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The Raft, Marcus Lindeen
Archive footage from Santiago Genovés’s raft experiment

This strange 70s social experiment is the lost precursor to reality TV

Marcus Lindeen’s new documentary splices original footage with reenactments to tell the story of one of the strangest group experiments of all time

When Santiago Genovés’s flight home to Mexico City was hijacked by terrorists in 1972, the anthropologist thought the situation was too good to be true. While others would see the horror of the unfolding situation, Genovés could only see the irony. Having spent his whole career studying violent behaviour, the anthropologist saw it instead as an ideal scenario in which to witness how people react to extreme situations. Genovés became fascinated with creating a similar scene in which he could study what makes people act out of the ordinary. But how could he isolate a group of people and expose them to that kind of danger?

The answer was a 12 by 7–metre raft, built to drift across the Atlantic, from the Canary Islands to Mexico. Running on grand intentions instead of an engine, Genovés wanted to understand human violence in the hopes he could bring about world peace. He sought to build a crew made up of a mix of nationalities, professions, and genders. Amongst the chosen 11 was an Angolan priest, a French scuba diver, an Israeli doctor, an Alaskan waitress fleeing an abusive husband, and a Japanese photographer. The only unifying element was that all of the unsuspecting participants were young and attractive.

As the raft set sail from its dock in May 1973, it left a media storm in its wake, with the press nicknaming it the “Sex Raft”. Albeit unbeknownst to them at the time, the crew were heading towards the hurricanes of the Caribbean and the tempestuous personality of Genovés. The 101–day voyage, in which Genovés goaded the crew with intimate questionnaires, provoked the raft’s captain, and solicited a mutiny, has become something of modern mythology.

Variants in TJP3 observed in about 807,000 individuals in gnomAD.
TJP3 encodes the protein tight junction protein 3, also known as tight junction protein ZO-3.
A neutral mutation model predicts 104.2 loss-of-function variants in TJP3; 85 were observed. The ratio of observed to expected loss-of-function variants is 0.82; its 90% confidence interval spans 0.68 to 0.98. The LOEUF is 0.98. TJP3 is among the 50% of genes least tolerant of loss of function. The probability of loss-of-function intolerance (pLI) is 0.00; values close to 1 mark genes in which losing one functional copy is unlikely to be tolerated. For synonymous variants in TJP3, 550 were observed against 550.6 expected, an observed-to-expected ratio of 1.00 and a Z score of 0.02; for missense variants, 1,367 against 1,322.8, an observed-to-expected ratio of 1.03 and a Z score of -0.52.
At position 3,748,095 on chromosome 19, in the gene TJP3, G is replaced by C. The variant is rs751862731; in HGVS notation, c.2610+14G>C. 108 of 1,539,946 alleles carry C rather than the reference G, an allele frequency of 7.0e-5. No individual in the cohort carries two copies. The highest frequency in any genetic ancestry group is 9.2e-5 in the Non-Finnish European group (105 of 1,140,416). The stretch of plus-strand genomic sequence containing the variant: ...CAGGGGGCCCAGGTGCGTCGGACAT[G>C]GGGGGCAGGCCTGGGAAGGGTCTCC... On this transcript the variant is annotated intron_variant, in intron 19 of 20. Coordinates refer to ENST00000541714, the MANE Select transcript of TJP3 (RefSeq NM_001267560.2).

It was this Odyssean social experiment–come–precursor to modern reality TV which inspired filmmaker Marcus Lindeen to embark on his documentary, The Raft. Lindeen’s neoteric style of filmmaking goes beyond the presumed boundaries of the documentary genre and finds its footing in a liminal space between reality and production.

“(The raft was) like a piece of Greek mythology set in real life” – Marcus Lindeen

Splicing original 16mm footage from the experiment with his own modern-day re-staging of events, the Swedish director – working from the original blueprints – recreated the raft as a theatrical set on which to interview the survivors of the original voyage. The piece was originally commissioned as an installation art piece and was exhibited at Center Pompidou in Paris in 2017, as well as at Kunsthal Charlottenborg in Copenhagen in 2018. It’s obvious why the vessel makes an arresting set-piece against the inky–black backdrop of a soundstage which evokes the atmosphere of the ocean at night as it reflects the isolation and uncertainty that the crew must have felt.

The Raft will enjoy a limited theatrical release throughout the UK and Europe, and, much like the original experiment, the press that surrounds it borders on being incendiary and misleading. Much like Santiago, contemporary press outlets believe that this film fails its audience because it doesn’t depict the violence that they desired. Headlines like “Mutiny on the Sex Raft: how a 70s science project descended into violent chaos” are far from the truth and feed into the same narrative that Genovés was privy to. Like him, the media focus on sex, the ‘proposed’ mutiny that never really happened, and the science of it all, when really we should look to the people on board the raft.

Sex is touched upon very briefly in the documentary, much like how it was on the raft. Many of the crew weren’t single and were not looking for sex, they were looking for adventure instead. The most striking thing about both the experiment and the documentary is the way that it makes you question what part of the experience is a study of the human experience. Is it the raft itself or the reaction to it? The public projects sex and violence onto what is, in essence, an innocent group. The raft was intended to be free from the corrupting constraints of society, yet it became obvious that it was still bound to the shore.  

As The Raft is released in UK theatres, we sit down with the director to find out why he made the film, what we can learn from Genovés, and what it means for the rest of us.

What made you want to make this film?